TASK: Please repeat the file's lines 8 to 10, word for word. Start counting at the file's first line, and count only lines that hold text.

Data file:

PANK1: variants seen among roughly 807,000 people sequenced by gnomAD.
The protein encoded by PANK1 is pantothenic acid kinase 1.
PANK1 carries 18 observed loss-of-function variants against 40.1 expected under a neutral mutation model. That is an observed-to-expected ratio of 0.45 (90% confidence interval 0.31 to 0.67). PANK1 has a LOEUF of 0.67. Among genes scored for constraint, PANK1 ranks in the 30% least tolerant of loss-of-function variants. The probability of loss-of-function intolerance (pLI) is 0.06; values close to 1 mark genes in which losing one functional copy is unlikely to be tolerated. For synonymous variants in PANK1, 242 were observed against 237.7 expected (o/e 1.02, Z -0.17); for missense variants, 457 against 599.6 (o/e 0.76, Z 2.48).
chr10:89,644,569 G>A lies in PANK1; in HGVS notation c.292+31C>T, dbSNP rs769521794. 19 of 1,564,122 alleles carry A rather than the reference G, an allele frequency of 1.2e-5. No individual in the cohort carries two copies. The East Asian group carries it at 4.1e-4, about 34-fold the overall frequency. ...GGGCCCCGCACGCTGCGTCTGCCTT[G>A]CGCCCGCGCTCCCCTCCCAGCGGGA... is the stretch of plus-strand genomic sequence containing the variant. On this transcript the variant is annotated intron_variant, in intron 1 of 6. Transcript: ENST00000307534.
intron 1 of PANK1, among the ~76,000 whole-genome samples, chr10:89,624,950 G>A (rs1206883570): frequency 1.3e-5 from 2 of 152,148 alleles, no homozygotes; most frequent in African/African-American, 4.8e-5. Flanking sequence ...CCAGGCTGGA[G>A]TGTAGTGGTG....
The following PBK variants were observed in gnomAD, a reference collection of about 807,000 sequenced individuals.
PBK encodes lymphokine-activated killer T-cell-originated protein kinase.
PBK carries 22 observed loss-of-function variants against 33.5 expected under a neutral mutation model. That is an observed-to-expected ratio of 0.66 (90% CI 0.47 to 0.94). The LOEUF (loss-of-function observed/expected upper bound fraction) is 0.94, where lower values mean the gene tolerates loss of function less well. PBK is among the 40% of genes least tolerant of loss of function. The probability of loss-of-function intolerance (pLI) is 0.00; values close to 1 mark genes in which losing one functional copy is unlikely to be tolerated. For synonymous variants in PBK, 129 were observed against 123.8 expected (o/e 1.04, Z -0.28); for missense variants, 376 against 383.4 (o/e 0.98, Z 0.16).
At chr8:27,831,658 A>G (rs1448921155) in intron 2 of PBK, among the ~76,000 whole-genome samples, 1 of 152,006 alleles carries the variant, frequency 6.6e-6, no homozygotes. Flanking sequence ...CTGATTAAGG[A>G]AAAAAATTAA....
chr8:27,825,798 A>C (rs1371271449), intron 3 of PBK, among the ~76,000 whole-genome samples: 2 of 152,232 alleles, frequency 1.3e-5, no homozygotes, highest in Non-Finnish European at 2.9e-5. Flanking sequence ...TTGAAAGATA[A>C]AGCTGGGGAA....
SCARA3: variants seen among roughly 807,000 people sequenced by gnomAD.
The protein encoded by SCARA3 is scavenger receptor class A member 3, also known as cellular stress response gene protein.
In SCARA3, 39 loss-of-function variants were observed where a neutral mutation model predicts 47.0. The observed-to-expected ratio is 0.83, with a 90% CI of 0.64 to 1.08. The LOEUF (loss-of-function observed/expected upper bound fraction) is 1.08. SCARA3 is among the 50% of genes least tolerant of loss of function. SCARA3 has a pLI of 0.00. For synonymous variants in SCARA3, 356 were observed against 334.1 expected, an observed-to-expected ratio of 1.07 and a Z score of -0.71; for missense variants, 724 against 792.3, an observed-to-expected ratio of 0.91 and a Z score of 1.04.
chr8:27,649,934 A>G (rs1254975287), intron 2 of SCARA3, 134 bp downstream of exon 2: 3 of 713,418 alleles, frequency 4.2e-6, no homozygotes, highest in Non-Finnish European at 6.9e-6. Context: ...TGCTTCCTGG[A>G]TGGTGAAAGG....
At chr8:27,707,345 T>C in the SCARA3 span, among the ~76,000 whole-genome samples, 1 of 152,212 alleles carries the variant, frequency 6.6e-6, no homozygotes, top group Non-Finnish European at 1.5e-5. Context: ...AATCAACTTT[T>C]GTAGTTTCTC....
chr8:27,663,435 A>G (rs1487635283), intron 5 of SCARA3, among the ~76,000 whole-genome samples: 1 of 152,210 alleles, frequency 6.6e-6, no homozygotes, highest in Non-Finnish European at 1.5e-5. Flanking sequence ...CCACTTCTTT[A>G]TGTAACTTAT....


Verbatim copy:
PBK carries 22 observed loss-of-function variants against 33.5 expected under a neutral mutation model. That is an observed-to-expected ratio of 0.66 (90% CI 0.47 to 0.94). The LOEUF (loss-of-function observed/expected upper bound fraction) is 0.94, where lower values mean the gene tolerates loss of function less well. PBK is among the 40% of genes least tolerant of loss of function. The probability of loss-of-function intolerance (pLI) is 0.00; values close to 1 mark genes in which losing one functional copy is unlikely to be tolerated. For synonymous variants in PBK, 129 were observed against 123.8 expected (o/e 1.04, Z -0.28); for missense variants, 376 against 383.4 (o/e 0.98, Z 0.16).
At chr8:27,831,658 A>G (rs1448921155) in intron 2 of PBK, among the ~76,000 whole-genome samples, 1 of 152,006 alleles carries the variant, frequency 6.6e-6, no homozygotes. Flanking sequence ...CTGATTAAGG[A>G]AAAAAATTAA....
chr8:27,825,798 A>C (rs1371271449), intron 3 of PBK, among the ~76,000 whole-genome samples: 2 of 152,232 alleles, frequency 1.3e-5, no homozygotes, highest in Non-Finnish European at 2.9e-5. Flanking sequence ...TTGAAAGATA[A>C]AGCTGGGGAA....